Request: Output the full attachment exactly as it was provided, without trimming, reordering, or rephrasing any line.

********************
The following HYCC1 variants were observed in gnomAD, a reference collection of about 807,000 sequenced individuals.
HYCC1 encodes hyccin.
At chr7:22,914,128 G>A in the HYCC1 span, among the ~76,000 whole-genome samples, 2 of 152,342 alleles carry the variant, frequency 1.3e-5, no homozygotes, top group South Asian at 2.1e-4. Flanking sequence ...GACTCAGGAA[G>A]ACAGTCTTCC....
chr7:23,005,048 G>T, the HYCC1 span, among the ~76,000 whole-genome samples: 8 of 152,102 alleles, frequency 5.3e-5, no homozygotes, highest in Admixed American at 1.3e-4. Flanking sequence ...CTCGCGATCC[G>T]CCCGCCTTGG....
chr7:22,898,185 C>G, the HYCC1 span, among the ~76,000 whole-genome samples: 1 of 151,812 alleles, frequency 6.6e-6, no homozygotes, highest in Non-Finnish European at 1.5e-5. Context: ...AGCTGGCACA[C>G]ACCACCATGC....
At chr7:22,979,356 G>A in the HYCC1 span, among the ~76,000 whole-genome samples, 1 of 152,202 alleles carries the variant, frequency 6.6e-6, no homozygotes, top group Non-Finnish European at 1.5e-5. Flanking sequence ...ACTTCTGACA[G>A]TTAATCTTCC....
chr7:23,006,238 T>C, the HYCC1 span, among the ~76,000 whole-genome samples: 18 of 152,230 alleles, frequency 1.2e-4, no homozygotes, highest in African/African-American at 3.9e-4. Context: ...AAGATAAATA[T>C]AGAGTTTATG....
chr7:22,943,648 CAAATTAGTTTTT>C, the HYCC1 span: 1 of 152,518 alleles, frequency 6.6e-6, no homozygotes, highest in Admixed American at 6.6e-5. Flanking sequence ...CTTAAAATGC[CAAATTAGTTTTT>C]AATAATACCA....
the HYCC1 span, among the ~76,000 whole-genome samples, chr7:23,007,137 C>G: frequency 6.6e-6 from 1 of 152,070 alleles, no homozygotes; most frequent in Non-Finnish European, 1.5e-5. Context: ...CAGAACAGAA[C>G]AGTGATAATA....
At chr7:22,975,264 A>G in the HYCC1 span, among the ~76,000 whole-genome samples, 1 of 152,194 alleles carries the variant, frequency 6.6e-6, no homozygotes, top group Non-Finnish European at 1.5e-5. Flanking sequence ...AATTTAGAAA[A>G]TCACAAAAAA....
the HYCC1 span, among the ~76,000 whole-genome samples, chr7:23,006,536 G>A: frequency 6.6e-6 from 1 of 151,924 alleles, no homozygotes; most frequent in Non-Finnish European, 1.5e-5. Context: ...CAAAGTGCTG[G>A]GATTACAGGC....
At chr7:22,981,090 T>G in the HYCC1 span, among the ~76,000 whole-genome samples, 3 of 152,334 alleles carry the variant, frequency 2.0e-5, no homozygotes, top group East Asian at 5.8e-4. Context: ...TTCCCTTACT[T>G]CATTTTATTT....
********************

The following HYCC1 variants were observed in gnomAD, a reference collection of about 807,000 sequenced individuals.
HYCC1 encodes hyccin.
At chr7:22,914,128 G>A in the HYCC1 span, among the ~76,000 whole-genome samples, 2 of 152,342 alleles carry the variant, frequency 1.3e-5, no homozygotes, top group South Asian at 2.1e-4. Flanking sequence ...GACTCAGGAA[G>A]ACAGTCTTCC....
chr7:23,005,048 G>T, the HYCC1 span, among the ~76,000 whole-genome samples: 8 of 152,102 alleles, frequency 5.3e-5, no homozygotes, highest in Admixed American at 1.3e-4. Flanking sequence ...CTCGCGATCC[G>T]CCCGCCTTGG....
chr7:22,898,185 C>G, the HYCC1 span, among the ~76,000 whole-genome samples: 1 of 151,812 alleles, frequency 6.6e-6, no homozygotes, highest in Non-Finnish European at 1.5e-5. Context: ...AGCTGGCACA[C>G]ACCACCATGC....
At chr7:22,979,356 G>A in the HYCC1 span, among the ~76,000 whole-genome samples, 1 of 152,202 alleles carries the variant, frequency 6.6e-6, no homozygotes, top group Non-Finnish European at 1.5e-5. Flanking sequence ...ACTTCTGACA[G>A]TTAATCTTCC....
chr7:23,006,238 T>C, the HYCC1 span, among the ~76,000 whole-genome samples: 18 of 152,230 alleles, frequency 1.2e-4, no homozygotes, highest in African/African-American at 3.9e-4. Context: ...AAGATAAATA[T>C]AGAGTTTATG....
chr7:22,943,648 CAAATTAGTTTTT>C, the HYCC1 span: 1 of 152,518 alleles, frequency 6.6e-6, no homozygotes, highest in Admixed American at 6.6e-5. Flanking sequence ...CTTAAAATGC[CAAATTAGTTTTT>C]AATAATACCA....
the HYCC1 span, among the ~76,000 whole-genome samples, chr7:23,007,137 C>G: frequency 6.6e-6 from 1 of 152,070 alleles, no homozygotes; most frequent in Non-Finnish European, 1.5e-5. Context: ...CAGAACAGAA[C>G]AGTGATAATA....
At chr7:22,975,264 A>G in the HYCC1 span, among the ~76,000 whole-genome samples, 1 of 152,194 alleles carries the variant, frequency 6.6e-6, no homozygotes, top group Non-Finnish European at 1.5e-5. Flanking sequence ...AATTTAGAAA[A>G]TCACAAAAAA....
the HYCC1 span, among the ~76,000 whole-genome samples, chr7:23,006,536 G>A: frequency 6.6e-6 from 1 of 151,924 alleles, no homozygotes; most frequent in Non-Finnish European, 1.5e-5. Context: ...CAAAGTGCTG[G>A]GATTACAGGC....
At chr7:22,981,090 T>G in the HYCC1 span, among the ~76,000 whole-genome samples, 3 of 152,334 alleles carry the variant, frequency 2.0e-5, no homozygotes, top group East Asian at 5.8e-4. Context: ...TTCCCTTACT[T>G]CATTTTATTT....